There are many types of places where you can eat in India, ranging from street food stalls to fancy elite restaurant . In this post we will be talking about a type of restaurant which is far from fancy and it is commonly known as the Indian Dhaba — a local restaurant for common people.
However, even within Dhabas, there is a wide variety wherein some serve very basic food at cheap prices and others have melded into more sophisticated restaurants, reflected in the prices as well. Here, as I said, we are after the lower range Dhaba which will most likely be, regardless of travel budget, come across while traveling in India. If not, you should certainly seek one out. They serve great and authentic food, it’s cheap and above all it’s an amazing experience.
A chronicle of a failure foretold– Ordering food in Indian restaurant
The following scenario has happened to me more than once, so I consider it to be a chronicle of a failure foretold. Nevertheless I think it’s important to share this conclusion with you. This conclusion comes exactly the opposite of what you all know; that is to go to restaurant when you are hungry or about to be. In India, you must go to the restaurant when you are absolutely full. Actually the best time to go is when you have had the last bite of a healthy meal.
Say you just arrived to a restaurant exhausted and starved from a long day of exploration. You have just ordered Sabzi with rice (A typical dish in local Dhabas) expecting to get a plate of rice, and a plate of cooked vegetables gravy and chapattis (flatbread) in just a few minutes.
That’s how our Sabzi with rice case study begins:
1) You may be proud of yourself having successfully made your order properly, now the ball’s in the waiter’s court. You have done your part; all you need to do is lay back and wait for the great food to come and finish another perfect day.
2) After awhile, you may realize that there are no signs for salvation and the food is yet to come. It’s your turn again to make a reminder that you are alive and hungry. Once you have successfully made your note, it would be good idea to browse the camera’s photographs in order to kill the time.
3) When you are just about to lose your patience the waiter will come with a plate in his hands — that would probably be the chapatti. A message of hope just arrived and now everything looks promising. Unfortunately, what I’m about to say is statistically backed up not only by my experiences, but by many others’ as well- the chapatti slices stand for themselves. Seemingly you should have dipped them in the vegetable gravy (in an ideal world), but apparently, you may find that it has nothing to do with the rest of the dish in terms of timing.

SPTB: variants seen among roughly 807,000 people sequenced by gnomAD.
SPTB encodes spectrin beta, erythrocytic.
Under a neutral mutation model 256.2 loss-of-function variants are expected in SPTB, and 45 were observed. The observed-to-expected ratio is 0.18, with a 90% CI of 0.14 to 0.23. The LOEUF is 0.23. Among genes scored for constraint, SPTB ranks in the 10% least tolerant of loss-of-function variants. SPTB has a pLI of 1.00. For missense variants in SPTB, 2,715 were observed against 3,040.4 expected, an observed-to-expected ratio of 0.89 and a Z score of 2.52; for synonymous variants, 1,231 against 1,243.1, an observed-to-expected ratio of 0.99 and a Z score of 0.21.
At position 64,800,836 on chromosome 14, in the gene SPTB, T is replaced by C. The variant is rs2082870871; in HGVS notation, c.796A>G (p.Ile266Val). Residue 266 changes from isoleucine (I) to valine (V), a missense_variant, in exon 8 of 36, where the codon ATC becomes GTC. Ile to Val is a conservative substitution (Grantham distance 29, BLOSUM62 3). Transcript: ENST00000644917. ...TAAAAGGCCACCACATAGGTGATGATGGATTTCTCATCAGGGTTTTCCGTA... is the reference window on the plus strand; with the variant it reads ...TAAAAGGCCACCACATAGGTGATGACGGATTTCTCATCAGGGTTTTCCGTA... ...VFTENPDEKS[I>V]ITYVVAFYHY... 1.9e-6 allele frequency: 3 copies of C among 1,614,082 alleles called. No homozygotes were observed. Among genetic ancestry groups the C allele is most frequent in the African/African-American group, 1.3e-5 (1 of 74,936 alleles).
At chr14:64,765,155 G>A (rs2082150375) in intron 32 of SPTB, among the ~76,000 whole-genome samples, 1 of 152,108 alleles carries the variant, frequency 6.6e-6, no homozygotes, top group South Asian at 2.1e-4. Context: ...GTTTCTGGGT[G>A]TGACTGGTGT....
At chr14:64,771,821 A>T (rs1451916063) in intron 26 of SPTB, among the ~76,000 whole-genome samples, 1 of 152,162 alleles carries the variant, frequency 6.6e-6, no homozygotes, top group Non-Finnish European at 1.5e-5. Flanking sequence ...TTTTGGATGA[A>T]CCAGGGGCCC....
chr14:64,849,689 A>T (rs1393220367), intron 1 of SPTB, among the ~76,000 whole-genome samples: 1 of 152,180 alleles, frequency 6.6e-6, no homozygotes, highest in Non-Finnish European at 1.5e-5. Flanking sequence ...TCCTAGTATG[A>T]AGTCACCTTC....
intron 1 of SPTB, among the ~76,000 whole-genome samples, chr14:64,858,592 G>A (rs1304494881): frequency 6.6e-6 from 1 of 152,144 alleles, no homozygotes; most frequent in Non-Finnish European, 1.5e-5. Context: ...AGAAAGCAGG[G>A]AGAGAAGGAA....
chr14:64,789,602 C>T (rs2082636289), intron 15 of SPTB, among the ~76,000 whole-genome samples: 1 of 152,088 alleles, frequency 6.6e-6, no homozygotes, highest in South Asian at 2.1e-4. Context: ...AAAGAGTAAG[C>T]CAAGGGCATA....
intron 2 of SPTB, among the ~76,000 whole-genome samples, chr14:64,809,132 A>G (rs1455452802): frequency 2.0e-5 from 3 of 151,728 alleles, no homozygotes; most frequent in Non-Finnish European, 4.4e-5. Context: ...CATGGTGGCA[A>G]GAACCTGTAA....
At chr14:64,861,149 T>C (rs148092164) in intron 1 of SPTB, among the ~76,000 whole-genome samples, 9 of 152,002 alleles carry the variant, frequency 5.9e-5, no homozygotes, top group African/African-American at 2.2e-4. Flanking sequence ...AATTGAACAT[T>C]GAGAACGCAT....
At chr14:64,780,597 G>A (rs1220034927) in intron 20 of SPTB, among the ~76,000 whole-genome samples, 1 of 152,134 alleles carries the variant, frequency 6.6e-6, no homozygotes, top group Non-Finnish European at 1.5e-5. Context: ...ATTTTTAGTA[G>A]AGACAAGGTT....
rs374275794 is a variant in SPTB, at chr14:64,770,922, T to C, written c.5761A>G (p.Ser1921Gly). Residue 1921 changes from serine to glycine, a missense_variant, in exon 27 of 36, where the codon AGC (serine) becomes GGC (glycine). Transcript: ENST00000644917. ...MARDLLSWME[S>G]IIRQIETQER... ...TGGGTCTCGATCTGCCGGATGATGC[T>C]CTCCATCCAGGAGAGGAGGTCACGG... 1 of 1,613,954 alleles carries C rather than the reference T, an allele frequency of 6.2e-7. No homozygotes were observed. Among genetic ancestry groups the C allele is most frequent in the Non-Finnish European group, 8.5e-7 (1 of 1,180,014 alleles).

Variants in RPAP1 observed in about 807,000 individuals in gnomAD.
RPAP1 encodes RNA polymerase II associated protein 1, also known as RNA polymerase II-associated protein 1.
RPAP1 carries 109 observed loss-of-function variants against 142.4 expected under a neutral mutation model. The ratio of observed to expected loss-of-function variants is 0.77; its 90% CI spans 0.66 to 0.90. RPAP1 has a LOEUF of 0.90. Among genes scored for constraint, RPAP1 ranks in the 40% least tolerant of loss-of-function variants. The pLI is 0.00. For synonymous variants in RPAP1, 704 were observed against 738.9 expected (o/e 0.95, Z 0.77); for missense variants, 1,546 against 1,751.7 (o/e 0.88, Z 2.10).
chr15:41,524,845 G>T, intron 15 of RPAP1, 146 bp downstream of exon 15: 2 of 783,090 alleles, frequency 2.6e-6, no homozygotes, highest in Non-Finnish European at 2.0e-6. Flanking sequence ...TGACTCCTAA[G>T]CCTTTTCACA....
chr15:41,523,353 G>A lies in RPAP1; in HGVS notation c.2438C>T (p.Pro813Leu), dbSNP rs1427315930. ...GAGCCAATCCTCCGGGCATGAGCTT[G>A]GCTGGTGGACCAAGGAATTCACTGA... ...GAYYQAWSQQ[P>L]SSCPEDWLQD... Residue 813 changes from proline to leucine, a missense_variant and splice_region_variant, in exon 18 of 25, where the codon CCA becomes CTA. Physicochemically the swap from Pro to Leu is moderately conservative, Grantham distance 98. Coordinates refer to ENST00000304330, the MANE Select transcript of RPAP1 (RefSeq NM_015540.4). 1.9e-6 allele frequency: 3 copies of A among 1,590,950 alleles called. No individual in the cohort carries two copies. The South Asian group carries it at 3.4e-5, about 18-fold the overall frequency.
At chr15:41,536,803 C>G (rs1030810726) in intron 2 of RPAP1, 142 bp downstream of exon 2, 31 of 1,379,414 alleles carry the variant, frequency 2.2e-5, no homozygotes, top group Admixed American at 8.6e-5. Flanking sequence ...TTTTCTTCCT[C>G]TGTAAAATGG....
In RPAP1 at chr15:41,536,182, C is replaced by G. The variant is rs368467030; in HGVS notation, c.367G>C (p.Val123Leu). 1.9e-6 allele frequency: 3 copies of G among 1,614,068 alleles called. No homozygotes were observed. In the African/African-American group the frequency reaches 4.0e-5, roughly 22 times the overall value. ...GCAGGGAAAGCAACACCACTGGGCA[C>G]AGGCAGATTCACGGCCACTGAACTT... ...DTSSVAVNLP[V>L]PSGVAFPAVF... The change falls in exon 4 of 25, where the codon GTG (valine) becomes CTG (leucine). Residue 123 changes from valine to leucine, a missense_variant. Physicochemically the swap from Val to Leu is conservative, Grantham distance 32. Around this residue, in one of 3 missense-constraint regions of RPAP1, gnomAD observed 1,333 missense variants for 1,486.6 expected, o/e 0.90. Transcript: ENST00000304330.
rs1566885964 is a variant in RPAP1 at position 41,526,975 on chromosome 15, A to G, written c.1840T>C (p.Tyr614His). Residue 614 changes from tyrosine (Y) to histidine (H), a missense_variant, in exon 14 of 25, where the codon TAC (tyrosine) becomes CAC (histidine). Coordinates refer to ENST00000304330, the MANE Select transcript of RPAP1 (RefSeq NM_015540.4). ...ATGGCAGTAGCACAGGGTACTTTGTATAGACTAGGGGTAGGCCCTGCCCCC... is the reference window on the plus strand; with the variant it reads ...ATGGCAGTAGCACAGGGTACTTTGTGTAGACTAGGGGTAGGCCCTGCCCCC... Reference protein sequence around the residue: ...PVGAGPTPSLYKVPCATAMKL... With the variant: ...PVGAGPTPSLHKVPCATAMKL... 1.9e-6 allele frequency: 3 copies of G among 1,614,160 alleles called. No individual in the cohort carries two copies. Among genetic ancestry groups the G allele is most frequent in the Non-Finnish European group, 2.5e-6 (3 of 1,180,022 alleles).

4) Even the strongest person cannot resist the temptation when he/she is so hungry. I can assure you that it will be consumed long before the vegetables, gravy and rice appear.
5) Once you finish eating the chapatti, you may feel mild relief mixed with some self-disappointment for not being able to wait for the entire meal. But rest assured; it wasn’t a fatal mistake as you’ll see as your meal goes on. Think of it as a small victory in the whole doomed campaign.
6) Now it’s time for the rice. A few minutes or so after you eat all the chapatti slices, a plain plate of white rice is in front of you. With no chappati and no vegetable gravy around you are about to have another rough dilemma. To eat or not to eat? the chappati was certainly not enough to fill you up but it’s pointless to eat just plain white rice without the vegetable gravy . You are forced to wait again. Slowly, slowly the rice will de disappear and you’ll become totally full.
7) Guess what? This is exactly the time when the vegetable gravy finally shows itself.
That’s it – the house always wins!
Murphy ’s Law in action, right in the middle of Indian restaurant
Now, having all figured out how to avoid the above scenario, determined to improve your odds for enjoying the great Indian cuisine in local style, you decide to take action. Knowing that it may take so much time to eat, this time you won’t be coming as hungry as before. However, for some reason Murphy is always ready to stick his nose in — especially where not welcome with his first Meta rule: “Anything that can go wrong, will go wrong”. When you are not expecting the food to come so fast and you have got some tiny snacks to get through the long intervals between plates, hocus pocus! The entire dish comes right away with everything in it, the whole nine yards. Even with extra Dahi (yogurt) on the house.
So here you are with a full scale meal in front of you, but unfortunately, you are not hungry…
Again, the house always wins!